To his credit, Governor Romney was quite proactive in staking his ground in the digital landscape. His campaign’s expenditures on Facebook ads dwarfed that of President Obama’s. If you did a search for “democrat”, “Obama”, “middle class” or just about any other hot button topic, there was Mitt Romney’s face smiling back from the right side of your screen. But, did we ever really get to know him? He told us where he stood on the issues, but politics is as close to authentic as Cleveland is to South Beach. It’s a world of plasticity and controlled messages. It’s a lot of things, but it’s certainly not a family picnic or corner bar.
The GOP did a far better job of introducing us to the Governor’s wife, Ann Romney, than the Governor himself. We got to know about her brave battle with MS. A Pinterest board allowed Mrs. Romney to share her favorite recipes and crafts. She showed family photos via Instagram. So what about Mr. Romney? His first person tweets clearly came from the hand of a staffer who possibly sort-of knew the Governor. In other words, they were as authentic as a street corner Rolax watch.
Responsive? Adaptive? Not so much. I got the sense that their campaign was sketched out on a dry-erase board, turned into a spreadsheet, then broken down by assignment. Sounds like the worst first date ever.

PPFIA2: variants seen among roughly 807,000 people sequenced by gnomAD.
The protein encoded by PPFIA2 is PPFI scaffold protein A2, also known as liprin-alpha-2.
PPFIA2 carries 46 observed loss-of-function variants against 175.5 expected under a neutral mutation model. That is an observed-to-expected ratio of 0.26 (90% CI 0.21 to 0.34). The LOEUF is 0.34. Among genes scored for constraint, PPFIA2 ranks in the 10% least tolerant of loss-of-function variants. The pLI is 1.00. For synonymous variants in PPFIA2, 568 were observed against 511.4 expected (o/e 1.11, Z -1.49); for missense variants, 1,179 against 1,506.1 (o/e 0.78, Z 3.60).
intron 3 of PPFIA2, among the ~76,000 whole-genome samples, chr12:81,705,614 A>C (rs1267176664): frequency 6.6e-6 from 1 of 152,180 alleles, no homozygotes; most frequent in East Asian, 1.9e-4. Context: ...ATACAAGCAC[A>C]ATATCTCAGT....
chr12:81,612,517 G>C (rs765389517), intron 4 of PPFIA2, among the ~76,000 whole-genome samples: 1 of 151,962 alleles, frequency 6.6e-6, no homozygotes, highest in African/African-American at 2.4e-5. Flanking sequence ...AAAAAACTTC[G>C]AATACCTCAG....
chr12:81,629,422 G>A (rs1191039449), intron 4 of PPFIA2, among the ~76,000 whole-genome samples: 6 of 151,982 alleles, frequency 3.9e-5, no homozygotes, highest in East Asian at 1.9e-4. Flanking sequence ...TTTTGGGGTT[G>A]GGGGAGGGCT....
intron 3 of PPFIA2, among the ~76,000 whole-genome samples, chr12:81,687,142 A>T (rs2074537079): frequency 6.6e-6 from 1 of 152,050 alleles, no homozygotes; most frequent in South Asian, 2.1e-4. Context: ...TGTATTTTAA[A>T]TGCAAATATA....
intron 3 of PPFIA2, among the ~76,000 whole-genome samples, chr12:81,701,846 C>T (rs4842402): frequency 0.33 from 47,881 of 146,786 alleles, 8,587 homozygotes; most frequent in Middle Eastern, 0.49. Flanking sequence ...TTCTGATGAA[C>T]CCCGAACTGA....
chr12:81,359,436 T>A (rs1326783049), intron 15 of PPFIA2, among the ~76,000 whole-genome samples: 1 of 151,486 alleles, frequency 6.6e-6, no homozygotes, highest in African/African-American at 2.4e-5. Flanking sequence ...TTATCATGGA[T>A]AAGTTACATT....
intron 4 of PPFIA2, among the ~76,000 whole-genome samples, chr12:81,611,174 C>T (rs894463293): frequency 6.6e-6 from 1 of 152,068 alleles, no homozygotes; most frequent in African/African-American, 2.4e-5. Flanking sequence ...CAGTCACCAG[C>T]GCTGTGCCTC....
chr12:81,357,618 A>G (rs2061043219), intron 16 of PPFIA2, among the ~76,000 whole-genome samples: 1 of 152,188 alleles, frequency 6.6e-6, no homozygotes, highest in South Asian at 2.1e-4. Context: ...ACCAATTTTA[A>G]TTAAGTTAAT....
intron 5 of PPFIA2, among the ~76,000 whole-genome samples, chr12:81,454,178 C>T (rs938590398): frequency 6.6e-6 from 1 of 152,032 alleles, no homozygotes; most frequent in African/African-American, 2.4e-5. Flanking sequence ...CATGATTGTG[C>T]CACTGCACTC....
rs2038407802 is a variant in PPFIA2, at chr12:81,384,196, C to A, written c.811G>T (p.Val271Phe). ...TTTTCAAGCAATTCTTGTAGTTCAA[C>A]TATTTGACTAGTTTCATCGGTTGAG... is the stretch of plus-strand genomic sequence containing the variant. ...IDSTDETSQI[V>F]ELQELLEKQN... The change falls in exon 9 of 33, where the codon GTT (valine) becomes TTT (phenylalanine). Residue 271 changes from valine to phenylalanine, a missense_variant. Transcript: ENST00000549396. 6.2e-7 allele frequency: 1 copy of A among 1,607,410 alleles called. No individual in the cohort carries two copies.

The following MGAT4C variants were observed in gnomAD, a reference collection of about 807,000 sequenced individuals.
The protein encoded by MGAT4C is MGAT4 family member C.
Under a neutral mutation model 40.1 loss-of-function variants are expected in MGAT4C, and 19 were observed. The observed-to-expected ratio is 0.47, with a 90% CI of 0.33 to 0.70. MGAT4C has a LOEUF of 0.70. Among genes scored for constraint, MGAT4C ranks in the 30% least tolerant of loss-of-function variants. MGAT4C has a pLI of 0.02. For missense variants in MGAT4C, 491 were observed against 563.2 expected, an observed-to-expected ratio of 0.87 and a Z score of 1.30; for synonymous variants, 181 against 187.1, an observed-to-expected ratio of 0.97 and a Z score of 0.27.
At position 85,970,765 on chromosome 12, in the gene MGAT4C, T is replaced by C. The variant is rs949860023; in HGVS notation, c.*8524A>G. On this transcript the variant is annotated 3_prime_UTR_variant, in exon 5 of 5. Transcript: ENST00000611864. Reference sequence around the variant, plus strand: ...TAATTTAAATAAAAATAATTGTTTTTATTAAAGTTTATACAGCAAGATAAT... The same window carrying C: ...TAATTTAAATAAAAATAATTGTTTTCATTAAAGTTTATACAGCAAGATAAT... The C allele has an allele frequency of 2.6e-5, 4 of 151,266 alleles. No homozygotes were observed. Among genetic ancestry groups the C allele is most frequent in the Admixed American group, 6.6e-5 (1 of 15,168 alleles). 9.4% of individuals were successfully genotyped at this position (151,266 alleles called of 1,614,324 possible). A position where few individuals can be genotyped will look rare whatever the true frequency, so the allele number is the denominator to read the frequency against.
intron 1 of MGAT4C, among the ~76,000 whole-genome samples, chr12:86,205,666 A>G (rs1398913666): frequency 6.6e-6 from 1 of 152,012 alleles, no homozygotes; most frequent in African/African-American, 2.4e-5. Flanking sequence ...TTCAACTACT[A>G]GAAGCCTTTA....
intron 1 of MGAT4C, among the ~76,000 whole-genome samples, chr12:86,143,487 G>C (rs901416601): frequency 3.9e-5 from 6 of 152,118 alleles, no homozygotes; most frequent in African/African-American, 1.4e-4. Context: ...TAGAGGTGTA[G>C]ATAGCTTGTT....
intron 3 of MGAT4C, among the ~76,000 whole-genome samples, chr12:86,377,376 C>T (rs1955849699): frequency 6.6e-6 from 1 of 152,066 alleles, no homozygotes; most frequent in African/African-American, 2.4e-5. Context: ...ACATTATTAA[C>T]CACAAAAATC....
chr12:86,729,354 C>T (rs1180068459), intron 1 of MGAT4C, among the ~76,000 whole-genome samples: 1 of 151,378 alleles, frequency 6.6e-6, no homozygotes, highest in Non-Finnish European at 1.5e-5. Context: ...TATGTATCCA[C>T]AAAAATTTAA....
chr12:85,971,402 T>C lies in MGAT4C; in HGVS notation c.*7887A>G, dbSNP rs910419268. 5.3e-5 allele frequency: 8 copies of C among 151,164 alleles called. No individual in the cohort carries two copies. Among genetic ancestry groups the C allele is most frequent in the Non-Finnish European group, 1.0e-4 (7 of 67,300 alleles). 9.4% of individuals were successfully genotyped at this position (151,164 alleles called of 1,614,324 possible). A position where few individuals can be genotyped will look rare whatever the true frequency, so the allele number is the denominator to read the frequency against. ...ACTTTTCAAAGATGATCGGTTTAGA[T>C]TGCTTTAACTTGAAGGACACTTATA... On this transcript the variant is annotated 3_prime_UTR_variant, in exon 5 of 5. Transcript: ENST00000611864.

“The internet is a powerful thing, and not everyone is watching TV spots anymore, so we’re trying to use the web to our advantage the best way we can”, said the field general of Romney’s digital campaign. And that right there was their downfall. You don’t “use the web”, you become a part of it. Social media is not interchangeable with TV commercials. Social media does not belong to the seller, it belongs to the people. It’s a two-way conversation, not a dissertation. It’s a dialogue that allows for engagement, but doesn’t demand it. It’s a sneezing panda. It’s David at the dentist. It’s a meme about “binders full of women”. It’s organic, a testament to the fact that we’re all only a couple degrees removed from one another. If peer pressure aims to manipulate, Peer Power sets out to liberate. It allows you to become a part of something greater than yourself, a global community. Calling someone on the phone is a lot more effective than slapping a bumper sticker on it.